John Bowell: Looking forward to life after council

FORMER councillor John Bowell has expressed mixed emotions at his unsuccessful re-election campaign.

Having received the highest number of first preference votes in the 2008 Kempsey Shire Council elections, he received the lowest of the ungrouped candidates this time.

“It was surprising and I’m disappointed, but I’m not unhappy,” he said. “My wife Fay and I have adopted the view that we’re now looking forward to life after local government.”

Mr Bowell served for 17 years on Kempsey Shire Council - including five years as mayor and two years as deputy mayor.

He had been employed in local government since 1947, and since 1958 in the Macleay and Kempsey shire councils, before being elected as a councillor in 1995.

There is a great deal of pride and no regrets for Mr Bowell for his contribution to the council here.

He cited his contribution to the establishment of the PCYC, lobbying for funds towards an upgraded Kempsey District Hospital, and his support for Macleay Valley tourism - and the council’s caravan parks in particular - as being among his most significant.

“As mayor between 1996 and 1998, (we) established the ‘Made on the Macleay’ showcase,” Mr Bowell said. “At (one of the earliest events) we had Slim Dusty as a guest and sprung the idea of the Slim Dusty Centre.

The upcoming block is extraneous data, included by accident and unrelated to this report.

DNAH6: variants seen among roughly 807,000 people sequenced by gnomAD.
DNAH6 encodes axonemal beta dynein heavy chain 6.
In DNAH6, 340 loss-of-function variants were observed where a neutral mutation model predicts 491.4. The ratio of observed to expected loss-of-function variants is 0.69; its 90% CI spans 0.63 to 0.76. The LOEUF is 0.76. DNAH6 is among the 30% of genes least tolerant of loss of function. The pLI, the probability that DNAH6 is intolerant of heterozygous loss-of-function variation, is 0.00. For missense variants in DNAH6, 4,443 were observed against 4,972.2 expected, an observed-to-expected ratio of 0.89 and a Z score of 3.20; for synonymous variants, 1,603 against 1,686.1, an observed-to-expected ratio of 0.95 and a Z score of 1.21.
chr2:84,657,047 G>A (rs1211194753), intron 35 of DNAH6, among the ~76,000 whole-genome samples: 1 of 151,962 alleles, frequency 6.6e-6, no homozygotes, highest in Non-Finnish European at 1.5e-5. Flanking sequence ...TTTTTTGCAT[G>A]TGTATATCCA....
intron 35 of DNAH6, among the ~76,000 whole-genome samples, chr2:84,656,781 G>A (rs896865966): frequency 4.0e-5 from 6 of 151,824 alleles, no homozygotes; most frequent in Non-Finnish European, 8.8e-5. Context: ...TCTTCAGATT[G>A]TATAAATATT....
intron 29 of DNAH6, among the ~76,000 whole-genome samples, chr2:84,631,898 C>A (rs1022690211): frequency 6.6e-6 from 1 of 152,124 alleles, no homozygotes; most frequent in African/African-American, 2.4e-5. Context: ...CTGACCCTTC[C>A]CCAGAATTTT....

“I suggested it would be good to have it here. The Slim Dusty Centre will be an icon, and we need icons to attract people off the bypass.”

While he no longer sits at the council chambers, he will continue to push for improved mental health services at Kempsey hospital, in particular for an Aboriginal mental health section and an outreach program for the 18-to-25 years age group.

“Other outcomes I’d like to see are on Closing the Gap, preparation for flooding occurrences and a review of the council’s organisation structure,” Mr Bowell said. “If there’s one single thing I’d single out, it’s economic development - benefitting existing industry and business and attracting new industry and business to create new employment.”

Mr Bowell believes there should be greater sharing of resources with neighbouring councils, to help reduce overheads, but is not in favour of fully fledged amalgamation.

“I wish council every success in the future and I’d echo the words of a new councillor (Bruce Morris), who said he did not want it to become Kempsey-centric,” he said.

For Fay Bowell, having more time with her spouse is a good election outcome.

“It will be good to have my husband back after 17 years,” she said. “I’m looking forward to making plans to visit the children up north without having to consult the diary.”

Mr Bowell said the grin never left his wife’s face on the day after the election.

“Quite frankly, the community have done me a favour,” he said.

The couple has three children - a daughter working with the Red Cross in South Africa, a son currently in Ireland and another son on the Gold Coast.

As well as more regular golf, Mr Bowell will maintain long associations he shares with Fay among community groups that include the Kempsey Silver Band, the Hospital Auxiliary, the swimming club and the Macleay River Historical Society.

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